Over the summer, crews built a decorative traffic island between Crestland Avenue and Frazer Drive NW in the center lane of East Maple Street.

NORTH CANTON  About 70 feet of concrete and grass is causing a small stir on East Maple Street.

Over the summer, crews built a decorative traffic island between Crestland Avenue and Frazer Drive NW in the center lane of East Maple Street.

It's part of a beautification plan for the road, which connects Market Avenue with Main Street and runs along the Walsh University campus.

Those plans are a few years off. For now, the island stands alone.

"I can see the confusion," said Robert Graham, acting city engineer. "You drive by and scratch your head; you wonder, 'Why just one island in this stretch of roadway?'"

The island

The single island was originally part of a quartet of large, decorative strips planned for the center of road.

They would have landscaping or lighting or trees — whatever Walsh decided to do — and would tie into a larger design plan for the street, Graham said.

North Canton's police, fire and EMS department opposed the plan because the islands could make it difficult for motorists to get to the side of the road for passing emergency vehicles.

The city told Walsh the islands couldn't happen, Graham said. "We can't do it. We can't add response time because seconds are critical."

So the two parties came up with an alternative — two smaller elements that would bookend the university district. The existing island on the western end and another on the eastern end, near Market Avenue N.

The eastern island will be part of the ongoing Ohio Department of Transportation Market Avenue (Route 43) project and likely won't be built for  a year, if not longer, Graham said.

The western island was constructed this summer in tandem with a paving project. The city and the Stark County Engineers Office received grant funding for about 50 percent of the paving project, Graham said, adding that he was not sure of the city's final cost for the project as the county was finalizing that information.

The city built the island and Walsh is taking the lead on landscaping and maintenance. The city planted grass for the interim.

The university hasn't finalized its design plans, but is looking at something low-key that won't impede traffic or block views, said Brian Greenwell, Walsh's vice president for administration and chief information officer.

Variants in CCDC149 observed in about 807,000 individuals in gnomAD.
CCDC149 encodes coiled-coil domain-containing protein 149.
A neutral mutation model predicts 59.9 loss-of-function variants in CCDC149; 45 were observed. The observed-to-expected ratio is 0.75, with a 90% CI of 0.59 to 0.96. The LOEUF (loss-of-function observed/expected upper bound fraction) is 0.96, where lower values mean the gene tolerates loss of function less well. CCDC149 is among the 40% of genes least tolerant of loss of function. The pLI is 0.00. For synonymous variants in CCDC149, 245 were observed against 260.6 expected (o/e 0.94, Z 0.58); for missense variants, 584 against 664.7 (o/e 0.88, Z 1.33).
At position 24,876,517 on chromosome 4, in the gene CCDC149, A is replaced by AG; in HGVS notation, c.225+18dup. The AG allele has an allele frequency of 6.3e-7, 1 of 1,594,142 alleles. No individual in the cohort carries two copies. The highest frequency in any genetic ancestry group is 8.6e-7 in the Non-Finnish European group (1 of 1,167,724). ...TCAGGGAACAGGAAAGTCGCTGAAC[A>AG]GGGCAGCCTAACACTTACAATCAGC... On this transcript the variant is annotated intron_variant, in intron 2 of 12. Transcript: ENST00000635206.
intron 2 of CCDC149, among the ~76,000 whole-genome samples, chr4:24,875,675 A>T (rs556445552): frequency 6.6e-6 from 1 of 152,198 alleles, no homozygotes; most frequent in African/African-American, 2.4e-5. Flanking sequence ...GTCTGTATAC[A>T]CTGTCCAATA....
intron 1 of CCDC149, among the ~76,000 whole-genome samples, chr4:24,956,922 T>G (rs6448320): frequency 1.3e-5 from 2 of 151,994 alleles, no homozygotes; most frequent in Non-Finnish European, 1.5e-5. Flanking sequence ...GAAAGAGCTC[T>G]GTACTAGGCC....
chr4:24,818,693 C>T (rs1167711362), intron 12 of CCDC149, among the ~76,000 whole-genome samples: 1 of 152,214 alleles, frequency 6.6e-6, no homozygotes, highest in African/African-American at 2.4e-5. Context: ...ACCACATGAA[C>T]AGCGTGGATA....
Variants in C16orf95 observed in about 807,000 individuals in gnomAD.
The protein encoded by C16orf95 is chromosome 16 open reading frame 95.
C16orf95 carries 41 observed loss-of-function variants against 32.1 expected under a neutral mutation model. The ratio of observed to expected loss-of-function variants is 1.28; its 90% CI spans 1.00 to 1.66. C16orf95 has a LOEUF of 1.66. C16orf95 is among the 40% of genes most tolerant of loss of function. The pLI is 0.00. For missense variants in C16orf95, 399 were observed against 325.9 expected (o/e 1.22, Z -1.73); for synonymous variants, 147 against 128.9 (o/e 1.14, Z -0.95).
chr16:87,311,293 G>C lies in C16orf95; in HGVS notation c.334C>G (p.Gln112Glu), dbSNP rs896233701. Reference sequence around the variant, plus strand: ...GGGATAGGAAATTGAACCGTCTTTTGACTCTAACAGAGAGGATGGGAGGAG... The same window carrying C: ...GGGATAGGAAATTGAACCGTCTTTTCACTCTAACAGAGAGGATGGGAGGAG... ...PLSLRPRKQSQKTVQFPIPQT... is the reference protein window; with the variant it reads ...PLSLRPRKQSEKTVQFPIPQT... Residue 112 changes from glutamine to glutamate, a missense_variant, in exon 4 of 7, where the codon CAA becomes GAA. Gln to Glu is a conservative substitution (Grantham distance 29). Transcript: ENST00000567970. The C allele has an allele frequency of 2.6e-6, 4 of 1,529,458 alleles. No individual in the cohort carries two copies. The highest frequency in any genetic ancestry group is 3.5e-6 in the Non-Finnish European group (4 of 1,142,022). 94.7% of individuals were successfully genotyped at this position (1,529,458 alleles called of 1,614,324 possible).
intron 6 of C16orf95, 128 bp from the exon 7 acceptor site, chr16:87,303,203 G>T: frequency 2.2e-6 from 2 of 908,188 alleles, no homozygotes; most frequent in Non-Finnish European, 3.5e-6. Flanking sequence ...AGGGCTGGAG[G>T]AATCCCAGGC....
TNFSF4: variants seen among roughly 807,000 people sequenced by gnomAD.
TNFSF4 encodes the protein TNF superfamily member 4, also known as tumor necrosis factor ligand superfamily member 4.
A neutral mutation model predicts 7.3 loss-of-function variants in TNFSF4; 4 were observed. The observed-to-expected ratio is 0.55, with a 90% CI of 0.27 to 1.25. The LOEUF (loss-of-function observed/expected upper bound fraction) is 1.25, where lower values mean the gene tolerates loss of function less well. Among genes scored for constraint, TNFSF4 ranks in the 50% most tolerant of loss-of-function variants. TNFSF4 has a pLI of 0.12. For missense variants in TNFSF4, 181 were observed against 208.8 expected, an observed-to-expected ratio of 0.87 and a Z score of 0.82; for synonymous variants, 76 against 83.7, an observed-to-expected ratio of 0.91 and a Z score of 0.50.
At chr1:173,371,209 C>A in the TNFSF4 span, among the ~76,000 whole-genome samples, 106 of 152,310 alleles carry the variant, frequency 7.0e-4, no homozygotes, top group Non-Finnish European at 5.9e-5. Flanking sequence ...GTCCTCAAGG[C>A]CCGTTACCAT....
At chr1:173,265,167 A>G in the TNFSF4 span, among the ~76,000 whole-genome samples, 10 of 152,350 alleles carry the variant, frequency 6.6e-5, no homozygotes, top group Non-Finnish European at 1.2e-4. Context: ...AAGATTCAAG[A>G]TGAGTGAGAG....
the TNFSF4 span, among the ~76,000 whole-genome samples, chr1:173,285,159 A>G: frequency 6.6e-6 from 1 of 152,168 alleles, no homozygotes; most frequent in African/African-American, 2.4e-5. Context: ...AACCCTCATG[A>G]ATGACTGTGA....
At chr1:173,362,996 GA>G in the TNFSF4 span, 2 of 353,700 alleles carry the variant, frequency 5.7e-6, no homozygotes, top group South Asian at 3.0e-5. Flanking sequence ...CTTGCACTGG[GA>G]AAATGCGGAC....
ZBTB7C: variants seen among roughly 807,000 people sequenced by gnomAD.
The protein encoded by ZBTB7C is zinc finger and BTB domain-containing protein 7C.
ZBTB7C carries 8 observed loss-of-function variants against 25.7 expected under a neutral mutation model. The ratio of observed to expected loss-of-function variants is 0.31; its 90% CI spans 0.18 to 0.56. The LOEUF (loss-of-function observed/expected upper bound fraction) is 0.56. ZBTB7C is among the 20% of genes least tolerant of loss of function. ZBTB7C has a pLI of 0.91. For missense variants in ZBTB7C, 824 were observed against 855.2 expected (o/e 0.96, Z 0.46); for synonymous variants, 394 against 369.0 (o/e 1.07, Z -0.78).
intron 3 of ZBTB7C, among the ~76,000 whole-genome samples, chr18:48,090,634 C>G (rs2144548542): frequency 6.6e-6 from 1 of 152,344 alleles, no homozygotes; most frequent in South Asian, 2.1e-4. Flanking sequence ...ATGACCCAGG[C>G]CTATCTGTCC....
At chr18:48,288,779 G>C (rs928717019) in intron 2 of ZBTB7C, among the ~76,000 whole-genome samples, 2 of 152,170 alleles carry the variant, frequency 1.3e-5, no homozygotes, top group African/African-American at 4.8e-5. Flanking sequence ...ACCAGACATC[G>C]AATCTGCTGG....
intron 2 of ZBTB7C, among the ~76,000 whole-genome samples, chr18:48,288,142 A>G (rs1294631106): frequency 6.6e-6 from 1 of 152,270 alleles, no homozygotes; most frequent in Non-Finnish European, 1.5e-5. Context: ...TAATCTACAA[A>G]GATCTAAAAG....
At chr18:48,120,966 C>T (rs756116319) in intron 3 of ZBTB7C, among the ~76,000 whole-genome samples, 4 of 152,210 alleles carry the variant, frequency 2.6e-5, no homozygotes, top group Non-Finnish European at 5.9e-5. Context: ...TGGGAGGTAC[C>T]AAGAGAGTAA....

The island could include greenery, a sign welcoming folks to campus or lighting, he said. The island is wired for electricity and water. 

At Monday's City Council meeting, city officials squashed rumors of a fountain in the middle of the street.

Traffic concerns

Some residents aren't pleased with the idea.

Terry Holben has lived at his East Maple Street home for 43 years. He's watched as traffic has increased and was caught off guard when the island was built in front of his home.

"It's the most ridiculous thing I've ever seen," he said, adding that residents weren't notified in advance.

Though the island doesn't block his driveway, Holben said, it's impeded his ability to turn left into the driveway. Before, he could pull into the center lane. He now must drive past the island and make a u-turn.

Holben said his neighbor, who drives a large truck, can't back out of the driveway without hitting the island's curb.

Holben took his concerns to city officials and spoke out at the Aug. 14 council meeting.

North Canton is looking for a solution to Holben's issue and researching costs, Graham said.

The city will likely shorten the island by several feet, he said.

Even if his problem is fixed, Holben still has concerns.

The island is a safety hazard that will only get worse once the weather turns, he said.

"I've been here a long time," Holben said. "I don't want to be the one who has to help somebody in a bad accident. And that's what's going to happen."

Traffic studies have shown that the area can support the two small islands, Graham said.

In an Aug. 30 email to city officials, Police Chief John Minock wrote that he supported the new additions.

The department receives regular complaints of speeding, passing and improper lane usage on that stretch of East Maple, he wrote.

"As my officers cannot always be present, I see these installations not only as a welcome splash of green space, but also as a way to consistently deter these unsafe actions by motorists traveling through our city. They should not be a problem for an attentive driver using the lanes as they are intended."

What's next

North Canton and Walsh University are partnering on a plan that would connect the city and the campus. Drivers coming into the city via Maple Street would travel through a university district that features new lighting, a pedestrian friendly walking path and landscaping that complements the look of downtown.

The goal is a university district that feels distinct but still ties into the rest of the city. "Almost like one big community," Greenwell said.

Walsh has been in North Canton since the 1960s but folks view the university as separate from the city, he said. That began to change with the development of the Washington Square shopping plaza. And future developments, including Walsh's plans to rehabilitate an empty corner lot, will boost that connection, he said.

"The more we can tie in and become one community, it helps North Canton and it helps us, too, and our students," he said.

The plan is inspired by the city of Wooster and its relationship with the College of Wooster, Greenwell said.

It will be a few years before residents will see the idea come to fruition, he said.

Reach Jessica at 330-580-8322 or jessica.holbrook@cantonrep.com

On Twitter: @jholbrookREP.